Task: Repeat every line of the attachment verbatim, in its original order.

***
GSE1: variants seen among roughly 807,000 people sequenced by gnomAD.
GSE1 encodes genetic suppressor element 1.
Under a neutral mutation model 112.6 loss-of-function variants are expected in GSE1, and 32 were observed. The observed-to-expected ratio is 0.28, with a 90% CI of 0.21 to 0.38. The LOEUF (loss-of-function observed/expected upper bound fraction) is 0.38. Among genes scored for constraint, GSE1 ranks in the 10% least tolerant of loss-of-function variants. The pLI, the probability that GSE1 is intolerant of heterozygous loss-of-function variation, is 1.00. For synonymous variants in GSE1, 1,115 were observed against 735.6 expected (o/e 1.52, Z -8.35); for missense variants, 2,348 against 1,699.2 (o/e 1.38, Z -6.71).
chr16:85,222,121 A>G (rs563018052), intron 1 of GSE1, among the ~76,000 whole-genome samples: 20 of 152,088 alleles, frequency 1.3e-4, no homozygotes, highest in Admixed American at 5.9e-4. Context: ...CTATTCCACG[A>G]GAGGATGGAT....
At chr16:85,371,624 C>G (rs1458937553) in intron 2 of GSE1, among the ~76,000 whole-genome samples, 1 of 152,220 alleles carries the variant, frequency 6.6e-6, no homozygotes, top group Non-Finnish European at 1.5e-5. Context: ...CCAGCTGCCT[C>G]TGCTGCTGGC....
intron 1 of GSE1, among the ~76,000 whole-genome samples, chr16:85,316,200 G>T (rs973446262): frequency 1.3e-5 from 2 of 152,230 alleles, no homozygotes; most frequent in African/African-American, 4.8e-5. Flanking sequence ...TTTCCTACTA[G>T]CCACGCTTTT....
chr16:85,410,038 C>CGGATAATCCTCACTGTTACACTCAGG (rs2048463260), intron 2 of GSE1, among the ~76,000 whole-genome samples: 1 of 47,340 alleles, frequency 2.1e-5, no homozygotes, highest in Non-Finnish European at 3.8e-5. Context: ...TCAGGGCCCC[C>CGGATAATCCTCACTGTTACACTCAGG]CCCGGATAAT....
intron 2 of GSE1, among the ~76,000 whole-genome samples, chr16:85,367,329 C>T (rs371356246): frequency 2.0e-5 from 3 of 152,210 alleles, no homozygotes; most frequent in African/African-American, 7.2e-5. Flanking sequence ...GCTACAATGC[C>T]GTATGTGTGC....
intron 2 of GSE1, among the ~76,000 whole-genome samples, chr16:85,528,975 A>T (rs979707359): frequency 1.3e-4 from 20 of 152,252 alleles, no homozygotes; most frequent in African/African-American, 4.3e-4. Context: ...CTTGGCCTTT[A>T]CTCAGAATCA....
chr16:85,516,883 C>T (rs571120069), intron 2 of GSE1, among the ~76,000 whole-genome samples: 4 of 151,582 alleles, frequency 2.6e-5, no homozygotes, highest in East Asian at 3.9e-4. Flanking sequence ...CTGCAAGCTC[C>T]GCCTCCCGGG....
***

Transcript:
GSE1: variants seen among roughly 807,000 people sequenced by gnomAD.
GSE1 encodes genetic suppressor element 1.
Under a neutral mutation model 112.6 loss-of-function variants are expected in GSE1, and 32 were observed. The observed-to-expected ratio is 0.28, with a 90% CI of 0.21 to 0.38. The LOEUF (loss-of-function observed/expected upper bound fraction) is 0.38. Among genes scored for constraint, GSE1 ranks in the 10% least tolerant of loss-of-function variants. The pLI, the probability that GSE1 is intolerant of heterozygous loss-of-function variation, is 1.00. For synonymous variants in GSE1, 1,115 were observed against 735.6 expected (o/e 1.52, Z -8.35); for missense variants, 2,348 against 1,699.2 (o/e 1.38, Z -6.71).
chr16:85,222,121 A>G (rs563018052), intron 1 of GSE1, among the ~76,000 whole-genome samples: 20 of 152,088 alleles, frequency 1.3e-4, no homozygotes, highest in Admixed American at 5.9e-4. Context: ...CTATTCCACG[A>G]GAGGATGGAT....
At chr16:85,371,624 C>G (rs1458937553) in intron 2 of GSE1, among the ~76,000 whole-genome samples, 1 of 152,220 alleles carries the variant, frequency 6.6e-6, no homozygotes, top group Non-Finnish European at 1.5e-5. Context: ...CCAGCTGCCT[C>G]TGCTGCTGGC....
intron 1 of GSE1, among the ~76,000 whole-genome samples, chr16:85,316,200 G>T (rs973446262): frequency 1.3e-5 from 2 of 152,230 alleles, no homozygotes; most frequent in African/African-American, 4.8e-5. Flanking sequence ...TTTCCTACTA[G>T]CCACGCTTTT....
chr16:85,410,038 C>CGGATAATCCTCACTGTTACACTCAGG (rs2048463260), intron 2 of GSE1, among the ~76,000 whole-genome samples: 1 of 47,340 alleles, frequency 2.1e-5, no homozygotes, highest in Non-Finnish European at 3.8e-5. Context: ...TCAGGGCCCC[C>CGGATAATCCTCACTGTTACACTCAGG]CCCGGATAAT....
intron 2 of GSE1, among the ~76,000 whole-genome samples, chr16:85,367,329 C>T (rs371356246): frequency 2.0e-5 from 3 of 152,210 alleles, no homozygotes; most frequent in African/African-American, 7.2e-5. Flanking sequence ...GCTACAATGC[C>T]GTATGTGTGC....
intron 2 of GSE1, among the ~76,000 whole-genome samples, chr16:85,528,975 A>T (rs979707359): frequency 1.3e-4 from 20 of 152,252 alleles, no homozygotes; most frequent in African/African-American, 4.3e-4. Context: ...CTTGGCCTTT[A>T]CTCAGAATCA....
chr16:85,516,883 C>T (rs571120069), intron 2 of GSE1, among the ~76,000 whole-genome samples: 4 of 151,582 alleles, frequency 2.6e-5, no homozygotes, highest in East Asian at 3.9e-4. Flanking sequence ...CTGCAAGCTC[C>T]GCCTCCCGGG....